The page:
UK: Construing Exclusion Clauses: Do They Cover A Deliberate Repudiatory Breach Of Contract?

Last Updated: 15 November 2011
Article by Jamila Khan and Reema Shour

Astrazeneca UK Limited v. Albemarle International Corporation and another [2011] EWHC 1574 (Comm)

Where a contract becomes unworkable or unprofitable because economic or other conditions have changed, one or other party may not fulfil some of its obligations under the contract or may even try to walk away from the contract entirely. This puts that party in breach of the contract, for which its innocent counter-party may be able to recover damages. Where the breach is sufficiently serious as to entitle the counter-party to treat the contract as terminated with immediate effect and sue for damages as well, this is known as a repudiatory breach of contract. A party will be in repudiatory breach if it demonstrates, either by something it says or does, an intention not to be bound by its obligations under the contract or to deliberately walk away from it. If the contract contains a limitation or exclusion clause, the issue is then whether that clause is effective to cap the defaulting party's liability at a certain amount or to rule out the recovery of damages entirely.

Limitation / exclusion clauses

Limitation or exclusion clauses are widely used to allocate risk within commercial contracts, so that the parties know from the outset what the financial consequences will be if either party defaults on any of its contractual obligations. Problems arise, however, when the clause is drafted in such a way that its wording is open to more than one interpretation. There are certain basic principles that the English courts will apply in interpreting limitation or exclusion clauses. These can be summarised as follows:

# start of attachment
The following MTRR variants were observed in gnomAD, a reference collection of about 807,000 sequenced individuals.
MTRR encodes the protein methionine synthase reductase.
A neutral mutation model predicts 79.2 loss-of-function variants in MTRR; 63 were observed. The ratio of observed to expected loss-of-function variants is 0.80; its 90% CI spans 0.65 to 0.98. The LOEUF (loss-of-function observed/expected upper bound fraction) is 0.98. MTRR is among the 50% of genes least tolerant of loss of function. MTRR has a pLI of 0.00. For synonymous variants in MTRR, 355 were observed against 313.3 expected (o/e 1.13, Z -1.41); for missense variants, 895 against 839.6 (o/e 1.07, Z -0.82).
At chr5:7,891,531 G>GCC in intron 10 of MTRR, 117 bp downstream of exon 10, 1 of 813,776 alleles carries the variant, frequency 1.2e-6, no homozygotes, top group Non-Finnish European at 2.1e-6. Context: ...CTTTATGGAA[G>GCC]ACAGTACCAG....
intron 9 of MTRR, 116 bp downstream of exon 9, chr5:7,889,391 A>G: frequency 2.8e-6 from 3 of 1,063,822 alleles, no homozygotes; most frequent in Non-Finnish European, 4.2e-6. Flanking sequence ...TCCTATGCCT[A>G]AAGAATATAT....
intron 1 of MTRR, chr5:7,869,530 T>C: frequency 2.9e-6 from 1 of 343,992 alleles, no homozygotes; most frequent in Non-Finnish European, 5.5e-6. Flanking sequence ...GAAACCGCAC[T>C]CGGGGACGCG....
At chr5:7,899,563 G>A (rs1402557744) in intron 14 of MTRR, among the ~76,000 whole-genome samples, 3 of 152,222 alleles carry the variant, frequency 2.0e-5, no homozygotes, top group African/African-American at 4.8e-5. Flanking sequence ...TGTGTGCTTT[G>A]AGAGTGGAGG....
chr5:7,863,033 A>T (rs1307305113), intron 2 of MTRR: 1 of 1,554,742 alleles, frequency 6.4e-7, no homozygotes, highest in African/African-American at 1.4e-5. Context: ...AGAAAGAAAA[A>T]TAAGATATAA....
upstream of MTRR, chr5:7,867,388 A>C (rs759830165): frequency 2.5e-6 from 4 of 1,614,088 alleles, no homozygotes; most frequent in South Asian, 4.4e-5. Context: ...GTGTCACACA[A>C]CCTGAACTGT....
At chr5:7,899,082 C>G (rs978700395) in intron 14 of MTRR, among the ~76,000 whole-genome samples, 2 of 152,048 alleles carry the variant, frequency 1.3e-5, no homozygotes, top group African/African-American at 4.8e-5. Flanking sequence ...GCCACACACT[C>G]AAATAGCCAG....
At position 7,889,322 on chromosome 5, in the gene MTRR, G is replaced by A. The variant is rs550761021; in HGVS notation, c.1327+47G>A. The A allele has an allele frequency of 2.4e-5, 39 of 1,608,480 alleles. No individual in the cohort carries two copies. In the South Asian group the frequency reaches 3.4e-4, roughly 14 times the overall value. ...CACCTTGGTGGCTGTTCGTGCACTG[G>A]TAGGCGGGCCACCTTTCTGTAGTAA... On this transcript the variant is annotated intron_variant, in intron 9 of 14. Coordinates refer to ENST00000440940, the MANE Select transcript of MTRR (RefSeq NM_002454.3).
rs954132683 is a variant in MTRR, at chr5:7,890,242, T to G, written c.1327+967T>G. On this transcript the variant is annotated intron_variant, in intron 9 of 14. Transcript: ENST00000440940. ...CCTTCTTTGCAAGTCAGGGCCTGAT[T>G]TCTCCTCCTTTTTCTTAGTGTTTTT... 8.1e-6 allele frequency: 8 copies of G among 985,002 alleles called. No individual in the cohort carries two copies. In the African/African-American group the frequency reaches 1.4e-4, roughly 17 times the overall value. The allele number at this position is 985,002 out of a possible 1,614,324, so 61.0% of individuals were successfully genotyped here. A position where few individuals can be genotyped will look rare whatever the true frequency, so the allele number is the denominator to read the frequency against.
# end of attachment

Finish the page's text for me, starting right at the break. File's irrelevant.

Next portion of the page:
1. If there is any ambiguity or uncertainty as to the meaning of such a clause, it should be construed strictly against the party relying on it (known as the contra preferentem rule).
  2. Although an exclusion clause is construed strictly against the party relying on it, the clause in question still needs to be considered carefully to establish whether it covers the breach in question.
  3. Express words are required to exclude liability for negligence.
  4. Where the parties have expressly incorporated a clause in their contract, the court will give the clause commercial effect and will not interpret it in such a way that it would deprive one of the parties of any meaningful remedy for its claims because if that were the true meaning of the clause, then there would be no real incentive for the performing party to comply with its contractual obligations.

Deliberate repudiatory breach